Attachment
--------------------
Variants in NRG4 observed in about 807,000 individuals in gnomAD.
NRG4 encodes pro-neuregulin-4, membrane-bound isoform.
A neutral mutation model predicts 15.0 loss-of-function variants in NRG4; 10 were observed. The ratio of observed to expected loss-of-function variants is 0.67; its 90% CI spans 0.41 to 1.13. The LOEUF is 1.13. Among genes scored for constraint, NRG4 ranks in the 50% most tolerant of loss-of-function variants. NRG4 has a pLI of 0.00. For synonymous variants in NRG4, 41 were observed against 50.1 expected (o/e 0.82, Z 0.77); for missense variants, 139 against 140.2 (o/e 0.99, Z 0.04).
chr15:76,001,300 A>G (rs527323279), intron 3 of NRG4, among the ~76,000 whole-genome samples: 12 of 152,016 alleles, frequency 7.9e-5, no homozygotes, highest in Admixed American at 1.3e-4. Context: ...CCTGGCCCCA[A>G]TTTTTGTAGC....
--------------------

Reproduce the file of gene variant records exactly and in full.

Variants in NRG4 observed in about 807,000 individuals in gnomAD.
NRG4 encodes pro-neuregulin-4, membrane-bound isoform.
A neutral mutation model predicts 15.0 loss-of-function variants in NRG4; 10 were observed. The ratio of observed to expected loss-of-function variants is 0.67; its 90% CI spans 0.41 to 1.13. The LOEUF is 1.13. Among genes scored for constraint, NRG4 ranks in the 50% most tolerant of loss-of-function variants. NRG4 has a pLI of 0.00. For synonymous variants in NRG4, 41 were observed against 50.1 expected (o/e 0.82, Z 0.77); for missense variants, 139 against 140.2 (o/e 0.99, Z 0.04).
chr15:76,001,300 A>G (rs527323279), intron 3 of NRG4, among the ~76,000 whole-genome samples: 12 of 152,016 alleles, frequency 7.9e-5, no homozygotes, highest in Admixed American at 1.3e-4. Context: ...CCTGGCCCCA[A>G]TTTTTGTAGC....